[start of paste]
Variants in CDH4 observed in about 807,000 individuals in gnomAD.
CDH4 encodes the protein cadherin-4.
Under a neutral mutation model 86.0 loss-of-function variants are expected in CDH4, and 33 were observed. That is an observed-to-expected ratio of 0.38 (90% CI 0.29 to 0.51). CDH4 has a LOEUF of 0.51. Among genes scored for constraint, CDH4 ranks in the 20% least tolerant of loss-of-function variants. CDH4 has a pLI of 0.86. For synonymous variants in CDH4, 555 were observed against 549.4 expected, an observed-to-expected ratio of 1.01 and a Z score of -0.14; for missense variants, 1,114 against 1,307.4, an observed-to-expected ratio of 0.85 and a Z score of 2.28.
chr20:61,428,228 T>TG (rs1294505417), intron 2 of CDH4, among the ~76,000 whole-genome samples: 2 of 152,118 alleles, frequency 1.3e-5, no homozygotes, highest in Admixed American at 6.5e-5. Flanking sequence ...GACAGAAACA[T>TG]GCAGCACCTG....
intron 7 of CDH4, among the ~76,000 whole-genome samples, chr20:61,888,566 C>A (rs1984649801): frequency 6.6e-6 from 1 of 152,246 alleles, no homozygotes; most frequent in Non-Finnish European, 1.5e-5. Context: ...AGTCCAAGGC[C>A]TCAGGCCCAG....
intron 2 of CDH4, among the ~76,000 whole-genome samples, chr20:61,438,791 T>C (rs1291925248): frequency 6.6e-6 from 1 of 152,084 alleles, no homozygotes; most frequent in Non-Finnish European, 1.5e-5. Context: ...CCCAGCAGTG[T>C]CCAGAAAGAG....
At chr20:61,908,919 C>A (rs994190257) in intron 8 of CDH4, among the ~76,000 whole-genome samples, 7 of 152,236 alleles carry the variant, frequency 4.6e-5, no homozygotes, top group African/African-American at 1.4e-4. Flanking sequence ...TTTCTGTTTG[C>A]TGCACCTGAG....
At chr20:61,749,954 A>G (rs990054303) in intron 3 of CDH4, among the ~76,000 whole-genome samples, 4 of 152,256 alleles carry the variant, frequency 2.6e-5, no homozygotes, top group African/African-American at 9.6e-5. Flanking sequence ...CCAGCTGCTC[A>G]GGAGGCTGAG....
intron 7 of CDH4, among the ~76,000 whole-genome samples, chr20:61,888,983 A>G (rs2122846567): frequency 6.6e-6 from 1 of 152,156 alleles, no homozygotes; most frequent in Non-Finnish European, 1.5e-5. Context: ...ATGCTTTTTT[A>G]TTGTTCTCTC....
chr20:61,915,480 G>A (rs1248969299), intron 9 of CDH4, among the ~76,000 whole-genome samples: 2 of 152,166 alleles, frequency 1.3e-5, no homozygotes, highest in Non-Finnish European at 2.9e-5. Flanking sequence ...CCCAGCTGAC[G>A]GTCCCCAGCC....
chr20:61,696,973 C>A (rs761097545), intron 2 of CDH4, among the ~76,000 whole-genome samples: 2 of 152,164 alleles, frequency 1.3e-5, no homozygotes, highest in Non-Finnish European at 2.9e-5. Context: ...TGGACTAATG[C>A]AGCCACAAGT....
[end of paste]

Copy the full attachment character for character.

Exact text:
Variants in CDH4 observed in about 807,000 individuals in gnomAD.
CDH4 encodes the protein cadherin-4.
Under a neutral mutation model 86.0 loss-of-function variants are expected in CDH4, and 33 were observed. That is an observed-to-expected ratio of 0.38 (90% CI 0.29 to 0.51). CDH4 has a LOEUF of 0.51. Among genes scored for constraint, CDH4 ranks in the 20% least tolerant of loss-of-function variants. CDH4 has a pLI of 0.86. For synonymous variants in CDH4, 555 were observed against 549.4 expected, an observed-to-expected ratio of 1.01 and a Z score of -0.14; for missense variants, 1,114 against 1,307.4, an observed-to-expected ratio of 0.85 and a Z score of 2.28.
chr20:61,428,228 T>TG (rs1294505417), intron 2 of CDH4, among the ~76,000 whole-genome samples: 2 of 152,118 alleles, frequency 1.3e-5, no homozygotes, highest in Admixed American at 6.5e-5. Flanking sequence ...GACAGAAACA[T>TG]GCAGCACCTG....
intron 7 of CDH4, among the ~76,000 whole-genome samples, chr20:61,888,566 C>A (rs1984649801): frequency 6.6e-6 from 1 of 152,246 alleles, no homozygotes; most frequent in Non-Finnish European, 1.5e-5. Context: ...AGTCCAAGGC[C>A]TCAGGCCCAG....
intron 2 of CDH4, among the ~76,000 whole-genome samples, chr20:61,438,791 T>C (rs1291925248): frequency 6.6e-6 from 1 of 152,084 alleles, no homozygotes; most frequent in Non-Finnish European, 1.5e-5. Context: ...CCCAGCAGTG[T>C]CCAGAAAGAG....
At chr20:61,908,919 C>A (rs994190257) in intron 8 of CDH4, among the ~76,000 whole-genome samples, 7 of 152,236 alleles carry the variant, frequency 4.6e-5, no homozygotes, top group African/African-American at 1.4e-4. Flanking sequence ...TTTCTGTTTG[C>A]TGCACCTGAG....
At chr20:61,749,954 A>G (rs990054303) in intron 3 of CDH4, among the ~76,000 whole-genome samples, 4 of 152,256 alleles carry the variant, frequency 2.6e-5, no homozygotes, top group African/African-American at 9.6e-5. Flanking sequence ...CCAGCTGCTC[A>G]GGAGGCTGAG....
intron 7 of CDH4, among the ~76,000 whole-genome samples, chr20:61,888,983 A>G (rs2122846567): frequency 6.6e-6 from 1 of 152,156 alleles, no homozygotes; most frequent in Non-Finnish European, 1.5e-5. Context: ...ATGCTTTTTT[A>G]TTGTTCTCTC....
chr20:61,915,480 G>A (rs1248969299), intron 9 of CDH4, among the ~76,000 whole-genome samples: 2 of 152,166 alleles, frequency 1.3e-5, no homozygotes, highest in Non-Finnish European at 2.9e-5. Flanking sequence ...CCCAGCTGAC[G>A]GTCCCCAGCC....
chr20:61,696,973 C>A (rs761097545), intron 2 of CDH4, among the ~76,000 whole-genome samples: 2 of 152,164 alleles, frequency 1.3e-5, no homozygotes, highest in Non-Finnish European at 2.9e-5. Context: ...TGGACTAATG[C>A]AGCCACAAGT....